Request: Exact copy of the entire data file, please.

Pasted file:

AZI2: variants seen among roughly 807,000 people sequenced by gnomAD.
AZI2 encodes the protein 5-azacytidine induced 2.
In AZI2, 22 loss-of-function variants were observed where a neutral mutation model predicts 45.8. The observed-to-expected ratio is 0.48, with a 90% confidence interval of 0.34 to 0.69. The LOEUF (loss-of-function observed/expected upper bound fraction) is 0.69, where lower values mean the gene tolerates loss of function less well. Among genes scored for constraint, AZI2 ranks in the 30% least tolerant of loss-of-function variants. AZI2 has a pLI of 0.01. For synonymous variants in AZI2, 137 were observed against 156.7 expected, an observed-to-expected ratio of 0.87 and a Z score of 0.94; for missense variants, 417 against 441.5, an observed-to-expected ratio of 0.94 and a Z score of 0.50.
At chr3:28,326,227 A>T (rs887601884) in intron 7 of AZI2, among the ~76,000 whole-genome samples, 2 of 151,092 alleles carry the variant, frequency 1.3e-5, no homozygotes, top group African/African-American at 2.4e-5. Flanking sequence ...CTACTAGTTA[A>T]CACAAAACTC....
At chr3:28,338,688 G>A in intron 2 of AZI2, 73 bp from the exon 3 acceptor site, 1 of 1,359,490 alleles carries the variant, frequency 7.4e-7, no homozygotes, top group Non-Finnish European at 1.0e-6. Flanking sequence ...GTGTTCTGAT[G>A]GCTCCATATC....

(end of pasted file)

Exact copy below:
AZI2: variants seen among roughly 807,000 people sequenced by gnomAD.
AZI2 encodes the protein 5-azacytidine induced 2.
In AZI2, 22 loss-of-function variants were observed where a neutral mutation model predicts 45.8. The observed-to-expected ratio is 0.48, with a 90% confidence interval of 0.34 to 0.69. The LOEUF (loss-of-function observed/expected upper bound fraction) is 0.69, where lower values mean the gene tolerates loss of function less well. Among genes scored for constraint, AZI2 ranks in the 30% least tolerant of loss-of-function variants. AZI2 has a pLI of 0.01. For synonymous variants in AZI2, 137 were observed against 156.7 expected, an observed-to-expected ratio of 0.87 and a Z score of 0.94; for missense variants, 417 against 441.5, an observed-to-expected ratio of 0.94 and a Z score of 0.50.
At chr3:28,326,227 A>T (rs887601884) in intron 7 of AZI2, among the ~76,000 whole-genome samples, 2 of 151,092 alleles carry the variant, frequency 1.3e-5, no homozygotes, top group African/African-American at 2.4e-5. Flanking sequence ...CTACTAGTTA[A>T]CACAAAACTC....
At chr3:28,338,688 G>A in intron 2 of AZI2, 73 bp from the exon 3 acceptor site, 1 of 1,359,490 alleles carries the variant, frequency 7.4e-7, no homozygotes, top group Non-Finnish European at 1.0e-6. Flanking sequence ...GTGTTCTGAT[G>A]GCTCCATATC....